The Political Stand-Off Between China And US Following Huawei Case

Meng Wanzhou detention case used as a political battle between the US and ChinaPhoto By: Kārlis Dambrāns/Flickr

The on-going legal battle between Huawei, China’s top tech company, and the United States have started a political storm between the two countries.

The arrest of Meng Wanzhou, Huawei’s chief financial officer, on December 1st at Vancouver International Airport for the U.S. government prompted a legal debacle amongst the two countries. 

Huawei is one of the world’s largest telecommunications equipment maker and smartphone brand alongside Samsung and Apple.

The Chinese company is one of the major key players in the roll-out of 5G technology, which is touted as the next groundbreaking technology in the market that will be able to open countless opportunities; able to surpass the current 4G LTE.

But the United States, long wary of Huawei, is pressuring allies to limit the company’s participation in 5G networks, saying it poses a national security threat.

The US arrested Meng for the basis of national security. Meng was accused of deceiving banks over Huawei dealings that potentially violated Iran trade sanctions.

US Department of Homeland Security Secretary Nielsen said in a press statement in January, “They willfully conducted millions of dollars in transactions that were in direct violation of the Iranian Transactions and Sanctions Regulations, and such behavior will not be tolerated.”

Moreover, Washington says that Beijing could use the company’s equipment for espionage on other countries, as well, although it hasn’t provided any evidence to support these claims.

However, Meng and Huawei both deny the charges. Huawei denies that any of its products pose national security risks and says it would refuse any request by Beijing to use them for espionage.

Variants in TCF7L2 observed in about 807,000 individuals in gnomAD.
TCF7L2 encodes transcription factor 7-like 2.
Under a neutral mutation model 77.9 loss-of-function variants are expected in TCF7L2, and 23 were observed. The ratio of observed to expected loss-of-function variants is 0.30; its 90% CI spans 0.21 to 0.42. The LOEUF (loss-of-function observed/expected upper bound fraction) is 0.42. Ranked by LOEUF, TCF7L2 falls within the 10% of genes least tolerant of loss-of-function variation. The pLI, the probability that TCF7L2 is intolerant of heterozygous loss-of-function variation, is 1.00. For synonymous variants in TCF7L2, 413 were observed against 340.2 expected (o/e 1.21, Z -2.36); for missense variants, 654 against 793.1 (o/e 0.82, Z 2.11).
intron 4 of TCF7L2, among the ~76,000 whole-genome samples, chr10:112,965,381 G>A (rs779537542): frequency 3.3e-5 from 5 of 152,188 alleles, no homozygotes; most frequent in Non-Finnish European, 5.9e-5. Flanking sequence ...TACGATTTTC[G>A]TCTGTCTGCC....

Many Chinese viewed this move as Trump’s administration’s attempt at a political move to gain leverage in the clash between two countries over trade and technology.

Meanwhile, President Donald Trump has suggested that he could consider the cases against Huawei as part of ongoing trade talks with China.

China was not very pleased with the move the US has made, and Meng’s arrest set off a diplomatic furor and severely strained Canadian relations with China. As a counter, Beijing has accused Washington of a politically motivated attempt to hurt the company.

In light of current proceedings, China detained former Canadian diplomat Michael Kovrig and Canadian entrepreneur Michael Spavor on December 10th, shortly after Meng’s alleged illegal detention. It is an apparent attempt to pressure Canada to release Meng.

China’s Central Political and Legal Affairs Commission said in a statement, as a “major development” in the case, former diplomat Michael Kovrig was accused of gathering and stealing “sensitive information and other intelligence” in China since 2017.

Businessman, Michael Spavor is accused of providing intelligence to Kovrig and is described as an “important contact” for the former diplomat.

“Kovrig’s alleged behavior of gathering and stealing secrets and other intelligence for a foreign power has seriously violated Chinese laws,” the statement said.

Kovrig and Spavor haven’t had access to a lawyer or to their families since being arrested.

Lynette Ong, an associate professor of political science at the University of Toronto who focuses on China, quipped that the detained Canadians should take Beijing to court for violation of basic human rights, taking a leaf from the Meng lawsuit.

“The violation of their human rights is so much more grave than the violation of her constitutional rights,” Ong said. “But that’s not even possible for them. The fact that they were denied a lawyer in the first place means they are not entitled to any justice.”

In January, more than a hundred former diplomats, academics and activists wrote an open letter to Chinese President Xi Jinping calling for the immediate release of two Canadians.

The tension rises later in January as a Chinese court suddenly opens a retrial and sentenced Candian Robert Lloyd Schellenberg to death on drug trafficking charges after he was previously given a custodial sentence overturning a 15-year prison term handed down earlier.

In the wake of that ruling, Ottawa issued new travel guides for its citizens in China that warned of “the risk of arbitrary enforcement of local laws.”

China issued its travel warning for Canada in response, citing the “arbitrary detention” of a Chinese citizen for a third country as a reason for the notice.

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